About The Author

Jonathan D. Fitzgerald

Editor | Follow him on Twitter.

  • http://dogmatics.wordpress.com/ Kevin Davis

    Amen and amen! It seems that conservatives have replaced Luther’s theology of the cross with a triumphalist theology of glory.

    Your own experience is similar to my own, as I have recently discussed on my own blog. I could have easily mentioned both the liturgy and the greater diversity as part of my own attraction to the PCUSA. However, many “post-evangelicals” have not gone to the mainline Protestant churches; rather, if they haven’t left church altogether, many are becoming Roman Catholic and Eastern Orthodox. The reason, in my opinion, is because the R.C. and E.O. are still socially conservative, which is a difficult thing for many post-evangelicals to drop altogether. Plus, the R.C. and E.O. provide the epistemological security of Church authority, paralleling the evangelical security of an inerrant Scripture. When combined, social conservatism and an historic authoritarian structure are very attractive features for a disaffected evangelical.

    • Tom Hunter

      My partner and I joined the Episcopal Church about 6 years ago (I was 66 then) precisely because of the qualities you found attractive coming from another tradition. The congregation was welcoming, liturgical, theologically informed but not doctrinaire, reasonably conscious of social and environmental issues and had a healthy, not stuffy, sense of history. Besides all that, we have really good music to sing and enjoy. What more could an aging gay man want?
      Thanks for your response to the Douthat article. He has verbal and writing skills, but is a bit short on sorting out facts from his bias.

  • Patrick Sawyer

    Jonathan,

    You said, “Sometimes this is frustrating, as in a recent confirmation class I attended where a classmate intimated that she wasn’t sure she believed in sin. The old evangelical in me wanted to shake her shoulders and suggest she leave.”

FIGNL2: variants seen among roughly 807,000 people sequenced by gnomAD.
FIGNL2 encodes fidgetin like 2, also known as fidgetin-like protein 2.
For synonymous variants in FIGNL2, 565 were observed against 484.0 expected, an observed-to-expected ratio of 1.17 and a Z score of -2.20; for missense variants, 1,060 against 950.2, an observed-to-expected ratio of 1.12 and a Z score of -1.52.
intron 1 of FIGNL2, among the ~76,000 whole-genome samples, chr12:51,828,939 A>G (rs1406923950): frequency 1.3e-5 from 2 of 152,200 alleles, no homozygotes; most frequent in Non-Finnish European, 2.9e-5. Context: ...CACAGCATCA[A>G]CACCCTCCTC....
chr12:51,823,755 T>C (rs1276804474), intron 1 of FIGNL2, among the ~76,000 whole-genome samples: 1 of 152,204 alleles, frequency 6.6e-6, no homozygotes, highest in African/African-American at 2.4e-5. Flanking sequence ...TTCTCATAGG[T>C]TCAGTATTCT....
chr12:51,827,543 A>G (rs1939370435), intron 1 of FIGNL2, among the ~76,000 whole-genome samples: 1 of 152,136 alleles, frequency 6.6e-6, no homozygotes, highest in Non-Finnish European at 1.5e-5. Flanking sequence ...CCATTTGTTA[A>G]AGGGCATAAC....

Jonathan, with sincere respect, the above statement is a good microcosm of one of the things that plagues liberal and post-evangelical commentary. It creates a caricature of reality, essentially a straw-man, and attempts to rebuke it. And then, along the way, it fails to underscore the obvious.

    In reference to your statement I quoted above, my friend, that is NOT what an authentic evangelical would do. Authentic evangelicals are real Christians. Real Christians would not “shake her shoulders and ask her to leave”. Real Christians, as a primary disposition, are the opposite of self-righteous. That attitude is a flawed caricature of true evangelicalism. And then there is a failure to underscore the obvious, which is, if an authentic evangelical would in fact do such a thing, he or she would be sinning and be misrepresenting what Christ would have him or her to do, and moreover, would not be giving an accurate representation of what it means to be evangelical.

    In addition, if that type of thing were to happen, the Holy Spirit would also bring the authentic evangelical to repentance over his or her self-righteuos display, even prompting him or her to seek out the girl and ask for her forgiveness.

    With that said, an authentic Christian/evangelical response would be to gently and lovingly plead with the girl who is holding such a view that such a view is deleterious to her soul and her eternity if left unchanged. Reminding her that, among other things, Christ has revealed in His word, “If we say that we have no sin, we are deceiving ourselves, and the truth is not in us. If we confess our sins, He is faithful and righteous to forgive us our sins and to cleanse us from all unrighteousness. If we say that we have not sinned, we make Him a liar, and His word is not in us (1 John 1:8-10). She should also be reminded of Luke 5 and Mark 2 where Jesus says He ONLY seeks relationships with those who understand their sin and desperate need of Him. And moreover when they do, when they do come to that understanding, there is abundant grace and mercy for them.